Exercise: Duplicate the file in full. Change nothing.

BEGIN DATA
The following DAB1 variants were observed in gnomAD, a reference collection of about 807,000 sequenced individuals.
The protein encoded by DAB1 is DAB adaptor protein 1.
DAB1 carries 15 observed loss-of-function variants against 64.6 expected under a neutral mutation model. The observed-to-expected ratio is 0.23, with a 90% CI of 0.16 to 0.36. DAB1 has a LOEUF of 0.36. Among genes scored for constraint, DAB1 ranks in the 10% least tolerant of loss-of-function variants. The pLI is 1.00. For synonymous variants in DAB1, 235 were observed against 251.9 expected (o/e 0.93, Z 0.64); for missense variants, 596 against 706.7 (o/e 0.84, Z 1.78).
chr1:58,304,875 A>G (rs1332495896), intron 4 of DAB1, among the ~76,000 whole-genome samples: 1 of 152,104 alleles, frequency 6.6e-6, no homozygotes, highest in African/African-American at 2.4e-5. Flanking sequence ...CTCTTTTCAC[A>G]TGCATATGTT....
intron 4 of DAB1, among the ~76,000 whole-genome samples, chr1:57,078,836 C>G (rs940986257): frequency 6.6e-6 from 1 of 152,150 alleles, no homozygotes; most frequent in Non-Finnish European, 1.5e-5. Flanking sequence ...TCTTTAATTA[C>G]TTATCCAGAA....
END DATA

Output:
The following DAB1 variants were observed in gnomAD, a reference collection of about 807,000 sequenced individuals.
The protein encoded by DAB1 is DAB adaptor protein 1.
DAB1 carries 15 observed loss-of-function variants against 64.6 expected under a neutral mutation model. The observed-to-expected ratio is 0.23, with a 90% CI of 0.16 to 0.36. DAB1 has a LOEUF of 0.36. Among genes scored for constraint, DAB1 ranks in the 10% least tolerant of loss-of-function variants. The pLI is 1.00. For synonymous variants in DAB1, 235 were observed against 251.9 expected (o/e 0.93, Z 0.64); for missense variants, 596 against 706.7 (o/e 0.84, Z 1.78).
chr1:58,304,875 A>G (rs1332495896), intron 4 of DAB1, among the ~76,000 whole-genome samples: 1 of 152,104 alleles, frequency 6.6e-6, no homozygotes, highest in African/African-American at 2.4e-5. Flanking sequence ...CTCTTTTCAC[A>G]TGCATATGTT....
intron 4 of DAB1, among the ~76,000 whole-genome samples, chr1:57,078,836 C>G (rs940986257): frequency 6.6e-6 from 1 of 152,150 alleles, no homozygotes; most frequent in Non-Finnish European, 1.5e-5. Flanking sequence ...TCTTTAATTA[C>G]TTATCCAGAA....